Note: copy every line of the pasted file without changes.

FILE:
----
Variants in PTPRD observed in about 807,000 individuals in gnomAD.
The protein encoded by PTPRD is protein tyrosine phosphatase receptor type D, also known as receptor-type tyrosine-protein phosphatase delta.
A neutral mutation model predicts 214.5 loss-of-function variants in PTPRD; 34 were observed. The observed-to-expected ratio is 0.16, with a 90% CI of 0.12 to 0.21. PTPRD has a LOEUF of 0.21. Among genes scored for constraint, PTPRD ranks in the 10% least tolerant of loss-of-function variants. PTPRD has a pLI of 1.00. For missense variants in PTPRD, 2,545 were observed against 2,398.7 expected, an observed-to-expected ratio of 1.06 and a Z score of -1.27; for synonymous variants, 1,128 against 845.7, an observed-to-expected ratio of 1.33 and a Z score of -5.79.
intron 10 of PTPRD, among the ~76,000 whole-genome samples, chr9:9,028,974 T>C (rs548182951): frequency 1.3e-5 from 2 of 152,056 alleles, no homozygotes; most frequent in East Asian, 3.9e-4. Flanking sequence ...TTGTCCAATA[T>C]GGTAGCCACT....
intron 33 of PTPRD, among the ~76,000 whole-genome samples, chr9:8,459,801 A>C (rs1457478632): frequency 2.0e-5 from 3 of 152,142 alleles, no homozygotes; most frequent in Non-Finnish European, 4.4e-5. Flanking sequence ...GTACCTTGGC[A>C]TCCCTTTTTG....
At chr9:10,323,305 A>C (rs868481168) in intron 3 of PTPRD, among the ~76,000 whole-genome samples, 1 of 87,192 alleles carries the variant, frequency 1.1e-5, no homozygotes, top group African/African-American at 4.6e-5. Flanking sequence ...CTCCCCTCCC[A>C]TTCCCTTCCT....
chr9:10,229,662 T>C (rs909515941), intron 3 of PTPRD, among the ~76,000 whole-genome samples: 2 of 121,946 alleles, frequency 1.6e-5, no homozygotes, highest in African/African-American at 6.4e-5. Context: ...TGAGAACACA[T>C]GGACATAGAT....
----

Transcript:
Variants in PTPRD observed in about 807,000 individuals in gnomAD.
The protein encoded by PTPRD is protein tyrosine phosphatase receptor type D, also known as receptor-type tyrosine-protein phosphatase delta.
A neutral mutation model predicts 214.5 loss-of-function variants in PTPRD; 34 were observed. The observed-to-expected ratio is 0.16, with a 90% CI of 0.12 to 0.21. PTPRD has a LOEUF of 0.21. Among genes scored for constraint, PTPRD ranks in the 10% least tolerant of loss-of-function variants. PTPRD has a pLI of 1.00. For missense variants in PTPRD, 2,545 were observed against 2,398.7 expected, an observed-to-expected ratio of 1.06 and a Z score of -1.27; for synonymous variants, 1,128 against 845.7, an observed-to-expected ratio of 1.33 and a Z score of -5.79.
intron 10 of PTPRD, among the ~76,000 whole-genome samples, chr9:9,028,974 T>C (rs548182951): frequency 1.3e-5 from 2 of 152,056 alleles, no homozygotes; most frequent in East Asian, 3.9e-4. Flanking sequence ...TTGTCCAATA[T>C]GGTAGCCACT....
intron 33 of PTPRD, among the ~76,000 whole-genome samples, chr9:8,459,801 A>C (rs1457478632): frequency 2.0e-5 from 3 of 152,142 alleles, no homozygotes; most frequent in Non-Finnish European, 4.4e-5. Flanking sequence ...GTACCTTGGC[A>C]TCCCTTTTTG....
At chr9:10,323,305 A>C (rs868481168) in intron 3 of PTPRD, among the ~76,000 whole-genome samples, 1 of 87,192 alleles carries the variant, frequency 1.1e-5, no homozygotes, top group African/African-American at 4.6e-5. Flanking sequence ...CTCCCCTCCC[A>C]TTCCCTTCCT....
chr9:10,229,662 T>C (rs909515941), intron 3 of PTPRD, among the ~76,000 whole-genome samples: 2 of 121,946 alleles, frequency 1.6e-5, no homozygotes, highest in African/African-American at 6.4e-5. Context: ...TGAGAACACA[T>C]GGACATAGAT....